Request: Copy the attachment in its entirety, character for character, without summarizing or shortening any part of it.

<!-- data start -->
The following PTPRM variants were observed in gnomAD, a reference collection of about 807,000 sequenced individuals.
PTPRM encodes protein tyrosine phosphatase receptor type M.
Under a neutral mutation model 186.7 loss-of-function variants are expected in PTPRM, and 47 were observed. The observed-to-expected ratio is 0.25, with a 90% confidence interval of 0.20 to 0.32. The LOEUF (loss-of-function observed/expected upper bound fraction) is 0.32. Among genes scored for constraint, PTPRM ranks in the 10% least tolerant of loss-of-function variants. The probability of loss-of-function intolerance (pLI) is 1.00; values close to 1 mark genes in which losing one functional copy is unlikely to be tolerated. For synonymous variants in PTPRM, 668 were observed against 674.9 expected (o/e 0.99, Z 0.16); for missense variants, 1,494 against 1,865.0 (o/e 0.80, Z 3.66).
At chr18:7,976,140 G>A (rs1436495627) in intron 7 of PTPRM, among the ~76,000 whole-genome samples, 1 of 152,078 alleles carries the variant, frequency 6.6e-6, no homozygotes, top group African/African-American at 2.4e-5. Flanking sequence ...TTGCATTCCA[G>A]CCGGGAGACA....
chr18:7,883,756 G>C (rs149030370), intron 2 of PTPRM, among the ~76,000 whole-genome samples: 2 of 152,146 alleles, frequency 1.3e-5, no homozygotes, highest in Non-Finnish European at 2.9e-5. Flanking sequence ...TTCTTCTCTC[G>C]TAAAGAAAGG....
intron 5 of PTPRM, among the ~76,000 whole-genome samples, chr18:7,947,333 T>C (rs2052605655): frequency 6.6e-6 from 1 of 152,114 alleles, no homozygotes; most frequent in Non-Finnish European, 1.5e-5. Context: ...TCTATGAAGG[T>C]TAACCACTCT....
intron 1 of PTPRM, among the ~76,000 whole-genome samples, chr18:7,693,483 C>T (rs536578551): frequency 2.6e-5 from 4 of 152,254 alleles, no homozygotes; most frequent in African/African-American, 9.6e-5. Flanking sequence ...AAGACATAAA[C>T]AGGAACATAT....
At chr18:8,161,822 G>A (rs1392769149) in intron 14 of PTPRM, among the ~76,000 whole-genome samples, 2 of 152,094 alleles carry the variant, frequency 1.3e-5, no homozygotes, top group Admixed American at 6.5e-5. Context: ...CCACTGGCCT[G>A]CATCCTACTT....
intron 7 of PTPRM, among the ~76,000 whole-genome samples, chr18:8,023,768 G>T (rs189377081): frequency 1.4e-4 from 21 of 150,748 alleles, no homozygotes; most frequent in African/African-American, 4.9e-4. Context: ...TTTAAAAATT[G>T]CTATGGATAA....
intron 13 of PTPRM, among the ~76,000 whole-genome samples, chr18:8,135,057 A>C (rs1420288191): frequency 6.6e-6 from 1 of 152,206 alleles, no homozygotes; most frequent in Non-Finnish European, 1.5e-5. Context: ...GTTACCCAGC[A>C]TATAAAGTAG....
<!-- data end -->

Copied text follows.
The following PTPRM variants were observed in gnomAD, a reference collection of about 807,000 sequenced individuals.
PTPRM encodes protein tyrosine phosphatase receptor type M.
Under a neutral mutation model 186.7 loss-of-function variants are expected in PTPRM, and 47 were observed. The observed-to-expected ratio is 0.25, with a 90% confidence interval of 0.20 to 0.32. The LOEUF (loss-of-function observed/expected upper bound fraction) is 0.32. Among genes scored for constraint, PTPRM ranks in the 10% least tolerant of loss-of-function variants. The probability of loss-of-function intolerance (pLI) is 1.00; values close to 1 mark genes in which losing one functional copy is unlikely to be tolerated. For synonymous variants in PTPRM, 668 were observed against 674.9 expected (o/e 0.99, Z 0.16); for missense variants, 1,494 against 1,865.0 (o/e 0.80, Z 3.66).
At chr18:7,976,140 G>A (rs1436495627) in intron 7 of PTPRM, among the ~76,000 whole-genome samples, 1 of 152,078 alleles carries the variant, frequency 6.6e-6, no homozygotes, top group African/African-American at 2.4e-5. Flanking sequence ...TTGCATTCCA[G>A]CCGGGAGACA....
chr18:7,883,756 G>C (rs149030370), intron 2 of PTPRM, among the ~76,000 whole-genome samples: 2 of 152,146 alleles, frequency 1.3e-5, no homozygotes, highest in Non-Finnish European at 2.9e-5. Flanking sequence ...TTCTTCTCTC[G>C]TAAAGAAAGG....
intron 5 of PTPRM, among the ~76,000 whole-genome samples, chr18:7,947,333 T>C (rs2052605655): frequency 6.6e-6 from 1 of 152,114 alleles, no homozygotes; most frequent in Non-Finnish European, 1.5e-5. Context: ...TCTATGAAGG[T>C]TAACCACTCT....
intron 1 of PTPRM, among the ~76,000 whole-genome samples, chr18:7,693,483 C>T (rs536578551): frequency 2.6e-5 from 4 of 152,254 alleles, no homozygotes; most frequent in African/African-American, 9.6e-5. Flanking sequence ...AAGACATAAA[C>T]AGGAACATAT....
At chr18:8,161,822 G>A (rs1392769149) in intron 14 of PTPRM, among the ~76,000 whole-genome samples, 2 of 152,094 alleles carry the variant, frequency 1.3e-5, no homozygotes, top group Admixed American at 6.5e-5. Context: ...CCACTGGCCT[G>A]CATCCTACTT....
intron 7 of PTPRM, among the ~76,000 whole-genome samples, chr18:8,023,768 G>T (rs189377081): frequency 1.4e-4 from 21 of 150,748 alleles, no homozygotes; most frequent in African/African-American, 4.9e-4. Context: ...TTTAAAAATT[G>T]CTATGGATAA....
intron 13 of PTPRM, among the ~76,000 whole-genome samples, chr18:8,135,057 A>C (rs1420288191): frequency 6.6e-6 from 1 of 152,206 alleles, no homozygotes; most frequent in Non-Finnish European, 1.5e-5. Context: ...GTTACCCAGC[A>C]TATAAAGTAG....